REHYB@SK: Stakeholder workshop on User Interface and serious gaming applications

22.04.2022. A successful design of our ReHyb device has to meet the wishes and needs of the patients and adjunct stakeholders. That’s why we emphasize a user-centered approach within the ReHyb project. Being one of the clinical partners in the ReHyb project, Schoen Clinic Bad Aibling-Harthausen (SK) aims to provide the perspective from users and clinical stakeholders such as medical professionals (e.g. medical doctors, therapists), patients in the clinic and at home and their caregivers.

Following this approach, we held a 2-day workshop at SK together with the Technical University of Denmark (DTU) in early April 2022. The main focus of the workshop was the user interface design and the serious gaming aspect of the ReHyb system. A try-out session of existing serious gaming solutions for upper limb rehabilitation was organized, as well as meetings between patients, patients’ relatives, medical doctors, therapists and researchers. Ideas for potential future serious gaming solutions were presented and stakeholders’ feedback regarding these ideas was collected. Patients and therapists were enthusiastic about the ideas for future rehabilitation and could already try out a combination of cyclic arm endurance training combined with a head-mounted virtual reality display. With this, DTU enabled the users to virtually cycle along lovely walking routes in Copenhagen, which delighted all participants. On the second day, healthcare professionals were invited to discuss and test the further user interface and gaming options. Students from the DTU joined the workshop online and presented their recent developments on a Digital Twin application.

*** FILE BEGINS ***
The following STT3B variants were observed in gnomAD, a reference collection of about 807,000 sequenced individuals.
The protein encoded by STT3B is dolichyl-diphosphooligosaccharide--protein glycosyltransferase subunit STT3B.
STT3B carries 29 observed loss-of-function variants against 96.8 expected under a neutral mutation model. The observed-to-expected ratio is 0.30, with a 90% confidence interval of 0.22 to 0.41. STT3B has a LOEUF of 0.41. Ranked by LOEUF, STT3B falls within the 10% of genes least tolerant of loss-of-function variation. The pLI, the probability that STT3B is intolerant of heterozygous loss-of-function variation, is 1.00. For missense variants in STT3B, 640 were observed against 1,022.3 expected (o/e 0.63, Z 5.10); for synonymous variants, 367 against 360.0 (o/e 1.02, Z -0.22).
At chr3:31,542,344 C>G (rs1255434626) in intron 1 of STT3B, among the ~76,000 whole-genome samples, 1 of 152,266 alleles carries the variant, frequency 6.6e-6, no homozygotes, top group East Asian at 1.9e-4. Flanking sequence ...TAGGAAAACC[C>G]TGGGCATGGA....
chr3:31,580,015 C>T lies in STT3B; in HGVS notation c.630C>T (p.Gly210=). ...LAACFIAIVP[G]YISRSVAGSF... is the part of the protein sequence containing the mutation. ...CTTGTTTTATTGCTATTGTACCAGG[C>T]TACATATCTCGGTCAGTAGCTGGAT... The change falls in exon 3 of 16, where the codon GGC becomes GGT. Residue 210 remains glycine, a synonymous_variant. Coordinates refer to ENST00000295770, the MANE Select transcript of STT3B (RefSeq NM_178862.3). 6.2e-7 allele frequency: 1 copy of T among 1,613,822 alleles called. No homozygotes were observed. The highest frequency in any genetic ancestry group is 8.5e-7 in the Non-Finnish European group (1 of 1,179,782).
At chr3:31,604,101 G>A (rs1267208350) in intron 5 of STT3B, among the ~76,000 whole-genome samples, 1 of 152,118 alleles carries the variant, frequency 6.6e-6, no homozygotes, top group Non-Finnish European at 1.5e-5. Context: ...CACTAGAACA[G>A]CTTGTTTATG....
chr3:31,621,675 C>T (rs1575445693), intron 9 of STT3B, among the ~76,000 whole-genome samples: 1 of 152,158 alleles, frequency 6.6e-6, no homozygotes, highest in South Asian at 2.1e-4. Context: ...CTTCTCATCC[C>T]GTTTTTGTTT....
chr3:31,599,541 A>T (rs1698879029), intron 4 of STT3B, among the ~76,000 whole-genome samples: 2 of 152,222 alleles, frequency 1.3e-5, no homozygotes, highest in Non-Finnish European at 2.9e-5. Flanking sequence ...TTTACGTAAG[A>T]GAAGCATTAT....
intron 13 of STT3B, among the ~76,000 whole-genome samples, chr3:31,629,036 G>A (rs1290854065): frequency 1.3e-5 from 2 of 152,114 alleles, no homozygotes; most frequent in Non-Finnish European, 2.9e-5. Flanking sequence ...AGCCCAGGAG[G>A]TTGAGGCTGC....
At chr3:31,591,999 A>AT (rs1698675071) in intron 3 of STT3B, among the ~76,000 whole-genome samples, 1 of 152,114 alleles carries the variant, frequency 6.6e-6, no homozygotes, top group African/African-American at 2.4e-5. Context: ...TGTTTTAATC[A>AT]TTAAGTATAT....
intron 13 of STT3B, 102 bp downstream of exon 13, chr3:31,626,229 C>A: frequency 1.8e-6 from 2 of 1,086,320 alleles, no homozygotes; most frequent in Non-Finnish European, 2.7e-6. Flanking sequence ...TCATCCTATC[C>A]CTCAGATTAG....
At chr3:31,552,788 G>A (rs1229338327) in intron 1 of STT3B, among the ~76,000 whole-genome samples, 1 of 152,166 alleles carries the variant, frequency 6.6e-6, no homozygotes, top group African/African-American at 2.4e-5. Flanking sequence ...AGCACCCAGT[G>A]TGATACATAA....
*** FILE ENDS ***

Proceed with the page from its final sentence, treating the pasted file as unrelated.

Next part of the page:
All in all the workshop was a great success and contributes to the user-centered design process of the ReHyb system. Patients and clinicians can’t wait to test the upcoming developments and to experience them integrated in the alpha prototype later this year.

Figure 1: Testing of existing serious gaming solutions @SK
Figure 2: A patient after stroke wearing virtual reality glasses while exercising with a hand bike
Figure 3: Prof. John Paulin Hansen from DTU presenting innovative ideas for rehabilitation to a patient after stroke